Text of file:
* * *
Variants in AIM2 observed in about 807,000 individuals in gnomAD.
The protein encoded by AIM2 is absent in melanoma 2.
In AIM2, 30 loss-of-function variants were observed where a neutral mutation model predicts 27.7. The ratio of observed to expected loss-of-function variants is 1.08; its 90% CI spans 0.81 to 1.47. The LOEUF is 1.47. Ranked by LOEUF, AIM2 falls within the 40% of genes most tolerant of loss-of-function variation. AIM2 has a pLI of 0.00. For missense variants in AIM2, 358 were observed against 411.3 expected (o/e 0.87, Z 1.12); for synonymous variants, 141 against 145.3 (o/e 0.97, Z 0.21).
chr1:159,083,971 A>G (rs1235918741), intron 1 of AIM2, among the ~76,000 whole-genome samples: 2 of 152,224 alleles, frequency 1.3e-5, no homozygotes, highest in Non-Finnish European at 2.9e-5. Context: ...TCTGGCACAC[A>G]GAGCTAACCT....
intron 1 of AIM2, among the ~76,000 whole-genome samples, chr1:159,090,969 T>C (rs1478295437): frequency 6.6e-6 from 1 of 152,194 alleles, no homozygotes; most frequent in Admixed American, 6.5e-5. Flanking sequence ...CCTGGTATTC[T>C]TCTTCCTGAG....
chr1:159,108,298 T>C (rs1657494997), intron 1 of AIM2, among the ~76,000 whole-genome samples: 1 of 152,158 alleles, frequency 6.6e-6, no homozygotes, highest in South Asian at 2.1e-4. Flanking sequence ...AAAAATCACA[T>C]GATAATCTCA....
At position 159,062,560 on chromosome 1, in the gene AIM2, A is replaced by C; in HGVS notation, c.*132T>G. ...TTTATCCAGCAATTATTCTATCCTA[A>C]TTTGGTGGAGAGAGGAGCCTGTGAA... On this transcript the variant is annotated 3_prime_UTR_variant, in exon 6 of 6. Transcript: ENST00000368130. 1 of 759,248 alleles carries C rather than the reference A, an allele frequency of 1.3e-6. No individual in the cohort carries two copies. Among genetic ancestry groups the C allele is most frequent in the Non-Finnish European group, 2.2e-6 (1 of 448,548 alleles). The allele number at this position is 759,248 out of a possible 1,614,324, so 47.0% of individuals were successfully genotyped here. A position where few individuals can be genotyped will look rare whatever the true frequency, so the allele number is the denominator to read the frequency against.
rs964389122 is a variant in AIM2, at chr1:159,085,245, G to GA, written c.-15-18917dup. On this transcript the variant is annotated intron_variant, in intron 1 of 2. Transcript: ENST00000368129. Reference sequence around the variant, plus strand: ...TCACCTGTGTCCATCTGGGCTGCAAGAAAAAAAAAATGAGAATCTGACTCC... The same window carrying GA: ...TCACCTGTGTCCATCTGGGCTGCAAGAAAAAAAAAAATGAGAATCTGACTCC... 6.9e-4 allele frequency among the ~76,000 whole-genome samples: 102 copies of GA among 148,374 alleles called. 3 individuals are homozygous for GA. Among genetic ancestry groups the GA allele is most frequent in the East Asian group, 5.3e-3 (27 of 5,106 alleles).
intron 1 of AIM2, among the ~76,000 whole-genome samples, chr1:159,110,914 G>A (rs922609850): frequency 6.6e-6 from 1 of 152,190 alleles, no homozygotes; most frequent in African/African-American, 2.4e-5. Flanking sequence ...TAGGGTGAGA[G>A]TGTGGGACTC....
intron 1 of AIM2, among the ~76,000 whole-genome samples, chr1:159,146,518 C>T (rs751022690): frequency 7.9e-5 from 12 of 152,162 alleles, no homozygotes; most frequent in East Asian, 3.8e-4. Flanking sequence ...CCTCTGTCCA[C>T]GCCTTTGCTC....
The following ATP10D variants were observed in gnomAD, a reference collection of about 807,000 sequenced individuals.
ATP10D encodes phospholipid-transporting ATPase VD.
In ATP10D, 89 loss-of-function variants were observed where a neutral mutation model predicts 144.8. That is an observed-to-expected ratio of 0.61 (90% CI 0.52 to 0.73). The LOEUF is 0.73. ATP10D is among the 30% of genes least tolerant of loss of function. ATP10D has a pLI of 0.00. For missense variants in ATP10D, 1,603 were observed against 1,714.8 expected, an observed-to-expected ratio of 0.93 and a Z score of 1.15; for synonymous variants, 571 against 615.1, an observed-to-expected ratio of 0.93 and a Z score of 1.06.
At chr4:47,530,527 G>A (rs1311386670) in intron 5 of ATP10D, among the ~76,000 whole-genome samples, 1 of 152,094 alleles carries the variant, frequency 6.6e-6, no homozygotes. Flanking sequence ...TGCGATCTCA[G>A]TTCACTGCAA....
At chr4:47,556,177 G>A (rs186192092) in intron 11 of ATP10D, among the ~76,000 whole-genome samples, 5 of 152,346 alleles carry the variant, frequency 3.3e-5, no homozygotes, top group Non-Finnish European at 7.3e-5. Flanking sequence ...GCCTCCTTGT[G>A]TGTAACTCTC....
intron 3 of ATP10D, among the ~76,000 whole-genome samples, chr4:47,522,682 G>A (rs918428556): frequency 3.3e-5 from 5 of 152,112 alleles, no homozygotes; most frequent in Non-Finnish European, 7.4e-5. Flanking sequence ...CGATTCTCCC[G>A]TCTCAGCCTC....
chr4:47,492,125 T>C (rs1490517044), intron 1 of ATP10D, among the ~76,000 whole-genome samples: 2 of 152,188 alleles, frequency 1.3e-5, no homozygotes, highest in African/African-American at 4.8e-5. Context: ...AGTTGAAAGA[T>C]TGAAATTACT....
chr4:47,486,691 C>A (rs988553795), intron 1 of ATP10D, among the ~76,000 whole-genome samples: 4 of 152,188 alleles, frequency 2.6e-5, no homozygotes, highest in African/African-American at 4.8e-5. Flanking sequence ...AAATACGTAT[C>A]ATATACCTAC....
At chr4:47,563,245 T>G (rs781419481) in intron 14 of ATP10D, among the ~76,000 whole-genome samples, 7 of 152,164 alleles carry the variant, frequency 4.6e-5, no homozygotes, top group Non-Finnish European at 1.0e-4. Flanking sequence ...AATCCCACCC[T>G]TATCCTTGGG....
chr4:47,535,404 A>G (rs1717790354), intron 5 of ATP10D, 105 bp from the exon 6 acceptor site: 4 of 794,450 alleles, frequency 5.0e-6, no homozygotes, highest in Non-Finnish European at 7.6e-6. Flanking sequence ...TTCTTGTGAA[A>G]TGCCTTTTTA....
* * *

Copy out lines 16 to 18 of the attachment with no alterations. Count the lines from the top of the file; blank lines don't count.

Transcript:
intron 3 of ATP10D, among the ~76,000 whole-genome samples, chr4:47,522,682 G>A (rs918428556): frequency 3.3e-5 from 5 of 152,112 alleles, no homozygotes; most frequent in Non-Finnish European, 7.4e-5. Flanking sequence ...CGATTCTCCC[G>A]TCTCAGCCTC....
chr4:47,492,125 T>C (rs1490517044), intron 1 of ATP10D, among the ~76,000 whole-genome samples: 2 of 152,188 alleles, frequency 1.3e-5, no homozygotes, highest in African/African-American at 4.8e-5. Context: ...AGTTGAAAGA[T>C]TGAAATTACT....
chr4:47,486,691 C>A (rs988553795), intron 1 of ATP10D, among the ~76,000 whole-genome samples: 4 of 152,188 alleles, frequency 2.6e-5, no homozygotes, highest in African/African-American at 4.8e-5. Flanking sequence ...AAATACGTAT[C>A]ATATACCTAC....